The problem of the Kuril Islands as a sticking point between Russia and Japan


The problem of territorial sovereignty over the Southern Kuril Islands or the territorial dispute between Russia and Japan has not been resolved since the end of World War II and remains as it is until today, writes Alex Ivanov, correspondent in Moscow.

The issue of island ownership remains at the center of bilateral relations between Moscow and Tokyo, although the Russian side is actively trying to “dissolve” this issue and find a replacement mainly through economic projects. Nonetheless, Tokyo is not giving up on trying to present the Kuril Islands problem as the main issue on the bilateral agenda.

After the war, all of the Kuril Islands were incorporated into the USSR, but ownership of the Iturup, Kunashir, Shikotan and Habomai Islands group is disputed by Japan, which considers them to be an occupied part of the country. . Although the 4 islands themselves represent a rather small area, the total area of ​​the disputed territory, including the 200-mile economic zone, is approximately 200,000 square kilometers.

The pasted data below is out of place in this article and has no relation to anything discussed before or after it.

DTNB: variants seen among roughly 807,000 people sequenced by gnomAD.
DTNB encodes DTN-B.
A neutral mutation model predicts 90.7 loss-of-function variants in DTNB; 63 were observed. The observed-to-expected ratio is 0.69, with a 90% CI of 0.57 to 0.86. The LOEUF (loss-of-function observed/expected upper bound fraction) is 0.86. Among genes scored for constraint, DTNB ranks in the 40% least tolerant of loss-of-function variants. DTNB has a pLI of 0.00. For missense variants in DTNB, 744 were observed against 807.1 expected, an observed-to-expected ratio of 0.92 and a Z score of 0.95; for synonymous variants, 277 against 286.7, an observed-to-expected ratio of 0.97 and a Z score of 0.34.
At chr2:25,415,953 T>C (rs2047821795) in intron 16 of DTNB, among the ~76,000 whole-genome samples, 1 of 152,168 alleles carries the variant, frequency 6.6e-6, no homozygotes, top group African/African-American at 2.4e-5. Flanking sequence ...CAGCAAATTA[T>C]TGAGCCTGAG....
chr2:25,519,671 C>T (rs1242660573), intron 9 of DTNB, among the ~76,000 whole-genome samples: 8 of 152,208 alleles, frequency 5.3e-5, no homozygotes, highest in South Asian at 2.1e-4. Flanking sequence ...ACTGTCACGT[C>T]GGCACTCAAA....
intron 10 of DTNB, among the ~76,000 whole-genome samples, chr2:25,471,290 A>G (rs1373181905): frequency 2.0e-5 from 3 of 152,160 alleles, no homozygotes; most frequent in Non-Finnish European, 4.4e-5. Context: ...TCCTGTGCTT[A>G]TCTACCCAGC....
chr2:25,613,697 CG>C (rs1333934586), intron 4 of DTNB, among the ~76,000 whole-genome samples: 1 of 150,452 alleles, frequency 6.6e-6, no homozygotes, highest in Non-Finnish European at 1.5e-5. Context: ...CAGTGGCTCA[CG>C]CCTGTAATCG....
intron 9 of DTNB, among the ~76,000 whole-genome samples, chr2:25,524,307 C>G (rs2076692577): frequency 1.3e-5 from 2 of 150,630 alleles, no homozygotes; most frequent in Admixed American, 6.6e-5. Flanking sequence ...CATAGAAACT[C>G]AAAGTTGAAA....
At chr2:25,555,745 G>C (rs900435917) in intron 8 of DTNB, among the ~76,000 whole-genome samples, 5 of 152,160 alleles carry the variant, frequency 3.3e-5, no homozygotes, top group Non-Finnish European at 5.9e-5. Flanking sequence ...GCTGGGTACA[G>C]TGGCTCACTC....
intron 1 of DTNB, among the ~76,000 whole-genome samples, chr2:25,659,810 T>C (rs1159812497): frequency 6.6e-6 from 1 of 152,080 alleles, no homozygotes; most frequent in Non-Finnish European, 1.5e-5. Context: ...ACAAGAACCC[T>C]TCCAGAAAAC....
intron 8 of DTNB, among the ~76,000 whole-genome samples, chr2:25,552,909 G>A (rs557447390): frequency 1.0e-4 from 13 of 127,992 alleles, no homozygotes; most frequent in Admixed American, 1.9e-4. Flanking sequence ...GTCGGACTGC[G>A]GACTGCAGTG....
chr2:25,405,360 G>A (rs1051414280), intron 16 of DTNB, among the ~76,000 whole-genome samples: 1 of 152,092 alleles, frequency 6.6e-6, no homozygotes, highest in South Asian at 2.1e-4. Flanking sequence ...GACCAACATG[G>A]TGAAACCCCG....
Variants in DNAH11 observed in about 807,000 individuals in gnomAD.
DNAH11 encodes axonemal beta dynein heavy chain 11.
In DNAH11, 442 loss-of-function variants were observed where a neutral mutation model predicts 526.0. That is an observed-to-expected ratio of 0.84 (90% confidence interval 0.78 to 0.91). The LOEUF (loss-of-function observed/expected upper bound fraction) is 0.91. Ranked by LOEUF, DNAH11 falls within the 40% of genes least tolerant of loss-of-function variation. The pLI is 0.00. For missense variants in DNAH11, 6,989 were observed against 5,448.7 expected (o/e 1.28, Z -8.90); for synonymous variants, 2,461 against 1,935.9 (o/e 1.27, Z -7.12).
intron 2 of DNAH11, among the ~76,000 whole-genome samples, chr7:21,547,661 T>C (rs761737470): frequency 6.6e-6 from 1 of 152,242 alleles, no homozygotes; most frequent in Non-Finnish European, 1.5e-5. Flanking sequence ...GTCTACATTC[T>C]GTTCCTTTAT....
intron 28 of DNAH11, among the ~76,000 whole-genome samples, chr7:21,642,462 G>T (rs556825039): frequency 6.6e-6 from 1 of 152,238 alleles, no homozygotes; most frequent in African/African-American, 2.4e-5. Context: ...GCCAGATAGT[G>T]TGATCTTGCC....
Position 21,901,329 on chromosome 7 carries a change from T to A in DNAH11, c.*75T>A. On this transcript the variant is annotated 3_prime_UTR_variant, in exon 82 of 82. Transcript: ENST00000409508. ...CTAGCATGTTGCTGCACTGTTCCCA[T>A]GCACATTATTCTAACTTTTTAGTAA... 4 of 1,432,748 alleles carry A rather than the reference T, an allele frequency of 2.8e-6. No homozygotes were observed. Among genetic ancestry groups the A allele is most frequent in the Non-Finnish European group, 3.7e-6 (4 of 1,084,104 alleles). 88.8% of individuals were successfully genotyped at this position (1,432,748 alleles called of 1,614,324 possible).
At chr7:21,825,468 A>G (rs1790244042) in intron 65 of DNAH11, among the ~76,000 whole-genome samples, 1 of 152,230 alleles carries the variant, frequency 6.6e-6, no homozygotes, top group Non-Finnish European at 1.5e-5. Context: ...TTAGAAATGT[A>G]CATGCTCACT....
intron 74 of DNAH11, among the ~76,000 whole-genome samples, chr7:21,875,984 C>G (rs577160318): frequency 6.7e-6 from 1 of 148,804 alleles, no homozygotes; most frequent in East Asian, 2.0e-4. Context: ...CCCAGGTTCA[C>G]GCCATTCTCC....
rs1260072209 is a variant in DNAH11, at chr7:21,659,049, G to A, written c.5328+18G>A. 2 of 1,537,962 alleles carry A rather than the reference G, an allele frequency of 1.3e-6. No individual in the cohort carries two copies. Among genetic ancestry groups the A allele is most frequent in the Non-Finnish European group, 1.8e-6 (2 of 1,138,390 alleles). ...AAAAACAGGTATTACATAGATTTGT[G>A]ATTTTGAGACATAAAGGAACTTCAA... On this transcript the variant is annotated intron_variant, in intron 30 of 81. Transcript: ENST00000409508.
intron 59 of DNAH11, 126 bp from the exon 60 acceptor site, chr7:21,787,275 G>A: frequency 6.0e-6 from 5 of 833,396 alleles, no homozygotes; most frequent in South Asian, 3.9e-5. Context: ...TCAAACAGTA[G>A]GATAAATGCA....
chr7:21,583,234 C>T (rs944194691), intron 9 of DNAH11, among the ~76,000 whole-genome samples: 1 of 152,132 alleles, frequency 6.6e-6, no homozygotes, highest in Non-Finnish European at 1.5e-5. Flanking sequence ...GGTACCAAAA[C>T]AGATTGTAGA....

Russia claims that its sovereignty over the Southern Kuril Islands is absolutely legal and is not subject to doubt or discussion, and states that it does not recognize the very fact of the existence of a territorial dispute with Japan . The problem of ownership of the southern Kuril Islands is the main obstacle to the full settlement of Russian-Japanese relations and the signing of a peace treaty after World War II. In addition, the amendments to the Russian Constitution approved last year put an end to the Kuril issue, since the Basic Law prohibits the transfer of Russian territories.